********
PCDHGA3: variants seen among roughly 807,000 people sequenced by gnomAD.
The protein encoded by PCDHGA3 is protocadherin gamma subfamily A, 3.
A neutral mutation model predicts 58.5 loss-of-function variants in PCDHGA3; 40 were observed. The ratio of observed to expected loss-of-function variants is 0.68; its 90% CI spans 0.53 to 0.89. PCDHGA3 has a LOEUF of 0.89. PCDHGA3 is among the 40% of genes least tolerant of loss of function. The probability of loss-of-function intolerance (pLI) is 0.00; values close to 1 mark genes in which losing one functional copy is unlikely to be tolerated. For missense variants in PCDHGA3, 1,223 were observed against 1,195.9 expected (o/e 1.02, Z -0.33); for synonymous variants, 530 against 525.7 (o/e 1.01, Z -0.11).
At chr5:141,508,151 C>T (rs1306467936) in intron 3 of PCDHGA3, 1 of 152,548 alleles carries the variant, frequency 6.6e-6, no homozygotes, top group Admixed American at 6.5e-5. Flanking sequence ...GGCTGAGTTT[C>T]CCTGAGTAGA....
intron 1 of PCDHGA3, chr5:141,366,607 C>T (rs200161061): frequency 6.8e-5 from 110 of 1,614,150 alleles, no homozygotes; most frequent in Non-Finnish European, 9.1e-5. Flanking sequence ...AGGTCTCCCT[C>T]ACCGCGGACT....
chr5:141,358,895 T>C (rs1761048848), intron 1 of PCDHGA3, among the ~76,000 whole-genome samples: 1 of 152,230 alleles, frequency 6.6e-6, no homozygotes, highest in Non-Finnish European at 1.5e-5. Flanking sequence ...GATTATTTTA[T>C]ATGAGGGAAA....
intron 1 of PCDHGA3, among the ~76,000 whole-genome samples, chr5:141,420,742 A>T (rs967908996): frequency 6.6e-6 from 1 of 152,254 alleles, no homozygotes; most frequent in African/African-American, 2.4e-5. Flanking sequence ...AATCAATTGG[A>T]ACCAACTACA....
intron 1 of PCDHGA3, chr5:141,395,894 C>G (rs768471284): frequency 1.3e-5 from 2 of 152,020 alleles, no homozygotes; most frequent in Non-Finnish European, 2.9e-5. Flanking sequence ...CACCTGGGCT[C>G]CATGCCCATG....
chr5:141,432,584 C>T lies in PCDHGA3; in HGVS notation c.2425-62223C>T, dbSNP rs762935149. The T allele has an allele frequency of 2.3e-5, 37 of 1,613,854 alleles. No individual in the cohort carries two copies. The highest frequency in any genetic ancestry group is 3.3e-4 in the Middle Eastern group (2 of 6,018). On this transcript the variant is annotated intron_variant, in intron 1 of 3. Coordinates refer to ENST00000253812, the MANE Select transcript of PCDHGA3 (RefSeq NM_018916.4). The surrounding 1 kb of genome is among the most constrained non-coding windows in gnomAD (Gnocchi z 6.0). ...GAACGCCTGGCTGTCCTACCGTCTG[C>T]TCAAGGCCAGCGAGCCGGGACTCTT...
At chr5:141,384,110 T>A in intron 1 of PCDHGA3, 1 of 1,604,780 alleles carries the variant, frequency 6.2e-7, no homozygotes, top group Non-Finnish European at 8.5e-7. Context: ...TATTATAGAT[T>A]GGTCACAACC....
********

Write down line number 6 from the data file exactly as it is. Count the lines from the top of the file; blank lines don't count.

chr5:141,358,895 T>C (rs1761048848), intron 1 of PCDHGA3, among the ~76,000 whole-genome samples: 1 of 152,230 alleles, frequency 6.6e-6, no homozygotes, highest in Non-Finnish European at 1.5e-5. Flanking sequence ...GATTATTTTA[T>C]ATGAGGGAAA....